California’s big-government madness, drowning in a sea of laws

February 26, 2013

BearFlag

I ran across an item today in the Los Angeles Times that just floored me. The article was discussing a proposed new tax on sodas to fight the “obesity crisis” (insert eye-roll as needed). See if you can spot what caught my attention:

A proposal to tax sweetened soda in California has renewed debate over the state’s role in preventing obesity among its residents.

State Sen. Bill Monning (D-Carmel) has introduced legislation that would levy a 1-cent-per-ounce tax on sweetened beverages, including sodas, as part of an effort to fight obesity among young people.

The money paid by beverage distributors under SB 622 would go to a Children’s Health Promotion Fund to pay for a statewide childhood obesity prevention program. “This bill will combat the obesity crisis and ensure that our children– and future generations of Californians– are not doomed to a shorter life expectancy and can instead live longer, healthier lives,” Monning said.

(…)

The Monning bill was one of 2,189 bills introduced by state lawmakers by Friday’s deadline for this year,…

Okay, so maybe I helped you a bit there.

California’s elected legislators oligarchs have proposed two thousand one hundred eighty-nine new laws or amendments to existing laws.

Keep in mind that the legislature has 120 members in total, so, on a per-capita basis, each legislator has introduced more than 18 proposed laws. I have a hard time imagining us needing more than 18 new laws in total, let alone 18 x 120.

This is one of the unintended consequences of passing Proposition 1A in 1966, by which we created a full-time legislature, one that has the longest session of any in the nation, by the way. Legislators feel they have to have something on the resume to show the voters and to justify that $95,000 per year salary, and what better way to do it than write a bunch of laws? That’s what “professional lawmakers” do, isn’t it?

Again, eye-roll. No government anywhere, anytime needs more than 2000 new laws per year.

As far as I’m concerned, Californians back in 1966 made a tremendous mistake for which we’re now paying, as the legislature is controlled by a bunch of progressive full-time nanny-staters whose only solution to any problem –even problems that aren’t their business or may not exist at all– is more government, more laws, more intrusion in our lives. And if we ever hope to restore some sanity here, returning the legislature to part-time status will have to be a big part of the solution.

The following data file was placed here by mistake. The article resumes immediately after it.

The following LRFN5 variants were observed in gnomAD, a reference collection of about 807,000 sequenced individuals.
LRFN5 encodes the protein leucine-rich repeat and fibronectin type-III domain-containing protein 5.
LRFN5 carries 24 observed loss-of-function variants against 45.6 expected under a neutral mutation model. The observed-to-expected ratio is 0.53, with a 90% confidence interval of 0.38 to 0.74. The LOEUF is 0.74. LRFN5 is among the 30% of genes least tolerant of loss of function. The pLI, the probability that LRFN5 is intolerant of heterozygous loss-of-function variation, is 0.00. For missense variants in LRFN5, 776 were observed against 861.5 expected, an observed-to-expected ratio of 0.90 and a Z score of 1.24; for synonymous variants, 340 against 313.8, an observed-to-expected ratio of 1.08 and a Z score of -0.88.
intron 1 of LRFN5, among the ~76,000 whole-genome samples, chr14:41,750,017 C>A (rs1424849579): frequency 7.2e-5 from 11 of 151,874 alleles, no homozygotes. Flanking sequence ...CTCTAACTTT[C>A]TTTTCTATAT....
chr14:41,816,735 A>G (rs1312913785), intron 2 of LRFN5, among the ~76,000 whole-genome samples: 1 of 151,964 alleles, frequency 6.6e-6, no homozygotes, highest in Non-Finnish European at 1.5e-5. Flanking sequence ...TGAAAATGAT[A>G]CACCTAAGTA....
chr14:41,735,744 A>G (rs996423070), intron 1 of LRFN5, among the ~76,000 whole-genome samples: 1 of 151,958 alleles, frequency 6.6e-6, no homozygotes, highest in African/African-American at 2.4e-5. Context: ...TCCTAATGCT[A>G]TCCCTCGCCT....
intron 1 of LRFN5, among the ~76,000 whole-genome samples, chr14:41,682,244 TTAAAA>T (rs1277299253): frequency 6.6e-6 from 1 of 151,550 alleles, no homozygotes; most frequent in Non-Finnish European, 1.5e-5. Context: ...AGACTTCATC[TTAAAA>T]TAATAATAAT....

PS: I’m also strongly reminded of what the Roman historian Tacitus once said:

“The more corrupt the State, the more numerous the laws.”

Wise people, those Romans.

PPS: Oh, and the soda tax is lame, too. Another piece of useless social engineering brought to us by our Coastal Overlords.

(Crossposted at Sister Toldjah)


February 26, 2013

Phineas Fahrquar:

Spot. On. And while I don’t think the administration is Socialist (though I’m convinced Obama himself is), their nanny-state progressivism is different only by degree. And the same can be said for New York and California.

Originally posted on International Liberty:

If you want some inspiration from Ronald Reagan, these brief remarks reveal his understanding of both economics of history (especially with regards to the other great president of the 20th century).

And this short video excerpt also gets me fired up to fight big government.

But maybe it’s also time to share a warning from the Gipper. Here’s a quote (which I’ve verified since not everything that lands in my inbox is necessarily accurate) about the perils of government dependency.

Reagan Slave Quote

This actually overstates the competence of government.

Communist nations, after all, didn’t do a very good job at providing food, shelter, and healthcare. Though, to be fair, there were quite proficient at turning people into slaves and prisoners.

We have a reverse problem in today’s welfare states. The people who produce the most are being coerced into turning over 50 percent of their earnings, which is sort of…

View original 41 more words


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